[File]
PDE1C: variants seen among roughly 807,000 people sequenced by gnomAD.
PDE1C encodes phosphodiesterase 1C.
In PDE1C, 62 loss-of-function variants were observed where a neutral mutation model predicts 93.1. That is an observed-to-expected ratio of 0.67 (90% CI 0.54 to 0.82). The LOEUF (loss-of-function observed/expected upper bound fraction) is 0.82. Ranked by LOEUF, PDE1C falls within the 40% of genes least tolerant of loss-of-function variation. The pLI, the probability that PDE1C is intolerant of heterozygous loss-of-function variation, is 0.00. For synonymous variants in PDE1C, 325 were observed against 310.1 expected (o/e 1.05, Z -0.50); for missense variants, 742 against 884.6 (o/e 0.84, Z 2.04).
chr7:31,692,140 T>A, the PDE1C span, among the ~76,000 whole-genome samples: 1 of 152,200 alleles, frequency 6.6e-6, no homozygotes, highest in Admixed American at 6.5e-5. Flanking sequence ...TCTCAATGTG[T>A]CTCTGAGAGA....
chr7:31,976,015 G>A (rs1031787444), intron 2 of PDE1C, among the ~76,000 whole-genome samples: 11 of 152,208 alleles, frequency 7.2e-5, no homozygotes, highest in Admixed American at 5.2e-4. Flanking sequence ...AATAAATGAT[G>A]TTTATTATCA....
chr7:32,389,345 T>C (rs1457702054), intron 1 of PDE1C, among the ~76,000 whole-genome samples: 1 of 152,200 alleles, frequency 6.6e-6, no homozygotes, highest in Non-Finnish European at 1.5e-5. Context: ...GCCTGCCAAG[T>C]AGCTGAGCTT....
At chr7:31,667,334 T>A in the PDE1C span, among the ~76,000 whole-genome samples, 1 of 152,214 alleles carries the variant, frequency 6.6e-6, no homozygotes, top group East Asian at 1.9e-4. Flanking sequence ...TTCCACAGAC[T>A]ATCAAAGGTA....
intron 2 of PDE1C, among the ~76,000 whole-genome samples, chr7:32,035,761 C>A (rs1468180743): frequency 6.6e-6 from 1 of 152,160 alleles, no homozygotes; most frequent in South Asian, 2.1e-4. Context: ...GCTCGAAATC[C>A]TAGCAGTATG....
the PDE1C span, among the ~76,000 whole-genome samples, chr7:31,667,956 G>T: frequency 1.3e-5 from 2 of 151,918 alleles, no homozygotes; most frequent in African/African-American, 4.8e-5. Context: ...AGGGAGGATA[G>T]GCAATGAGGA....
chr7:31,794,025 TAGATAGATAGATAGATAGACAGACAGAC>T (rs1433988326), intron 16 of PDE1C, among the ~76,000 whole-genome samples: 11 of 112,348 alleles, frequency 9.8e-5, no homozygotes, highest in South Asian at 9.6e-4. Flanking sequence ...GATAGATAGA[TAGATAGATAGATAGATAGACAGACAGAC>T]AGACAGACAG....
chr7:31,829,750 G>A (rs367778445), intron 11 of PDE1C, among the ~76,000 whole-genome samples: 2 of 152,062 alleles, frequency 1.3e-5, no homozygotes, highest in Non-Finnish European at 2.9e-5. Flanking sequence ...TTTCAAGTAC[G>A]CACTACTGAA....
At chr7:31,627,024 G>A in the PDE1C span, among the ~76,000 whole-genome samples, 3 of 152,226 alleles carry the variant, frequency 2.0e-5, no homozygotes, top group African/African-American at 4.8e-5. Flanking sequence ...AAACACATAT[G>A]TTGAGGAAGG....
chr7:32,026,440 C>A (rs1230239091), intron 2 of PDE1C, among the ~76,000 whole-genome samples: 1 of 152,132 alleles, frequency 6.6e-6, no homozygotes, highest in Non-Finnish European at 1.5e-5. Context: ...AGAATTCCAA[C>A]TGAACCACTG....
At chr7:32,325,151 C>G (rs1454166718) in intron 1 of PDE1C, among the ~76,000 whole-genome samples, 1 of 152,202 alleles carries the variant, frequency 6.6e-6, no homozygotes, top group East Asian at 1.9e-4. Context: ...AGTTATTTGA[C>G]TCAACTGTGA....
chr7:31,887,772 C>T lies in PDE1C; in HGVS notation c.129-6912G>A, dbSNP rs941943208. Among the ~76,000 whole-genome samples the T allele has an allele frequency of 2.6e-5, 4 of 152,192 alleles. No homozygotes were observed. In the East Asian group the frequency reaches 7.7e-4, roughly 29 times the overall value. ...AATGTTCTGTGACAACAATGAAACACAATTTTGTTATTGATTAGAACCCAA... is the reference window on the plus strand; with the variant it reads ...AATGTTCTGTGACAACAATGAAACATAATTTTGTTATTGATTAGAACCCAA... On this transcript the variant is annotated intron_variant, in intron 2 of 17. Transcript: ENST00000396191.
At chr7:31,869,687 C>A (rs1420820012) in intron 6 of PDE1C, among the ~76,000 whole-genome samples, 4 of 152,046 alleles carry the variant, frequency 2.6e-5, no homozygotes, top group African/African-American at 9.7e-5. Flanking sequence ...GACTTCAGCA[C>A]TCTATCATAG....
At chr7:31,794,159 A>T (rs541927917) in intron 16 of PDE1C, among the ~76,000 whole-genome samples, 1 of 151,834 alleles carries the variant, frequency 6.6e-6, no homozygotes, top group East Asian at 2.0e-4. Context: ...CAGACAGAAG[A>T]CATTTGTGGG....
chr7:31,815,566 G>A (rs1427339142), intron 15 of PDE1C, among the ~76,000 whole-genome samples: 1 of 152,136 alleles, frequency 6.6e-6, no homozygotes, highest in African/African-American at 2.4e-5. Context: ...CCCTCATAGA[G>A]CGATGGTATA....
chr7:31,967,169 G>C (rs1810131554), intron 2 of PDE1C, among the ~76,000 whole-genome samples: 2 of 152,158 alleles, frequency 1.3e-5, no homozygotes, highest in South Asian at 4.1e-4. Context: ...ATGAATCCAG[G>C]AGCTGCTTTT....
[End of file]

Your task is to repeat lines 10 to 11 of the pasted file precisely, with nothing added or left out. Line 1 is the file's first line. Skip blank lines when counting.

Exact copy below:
chr7:31,794,025 TAGATAGATAGATAGATAGACAGACAGAC>T (rs1433988326), intron 16 of PDE1C, among the ~76,000 whole-genome samples: 11 of 112,348 alleles, frequency 9.8e-5, no homozygotes, highest in South Asian at 9.6e-4. Flanking sequence ...GATAGATAGA[TAGATAGATAGATAGATAGACAGACAGAC>T]AGACAGACAG....
chr7:31,829,750 G>A (rs367778445), intron 11 of PDE1C, among the ~76,000 whole-genome samples: 2 of 152,062 alleles, frequency 1.3e-5, no homozygotes, highest in Non-Finnish European at 2.9e-5. Flanking sequence ...TTTCAAGTAC[G>A]CACTACTGAA....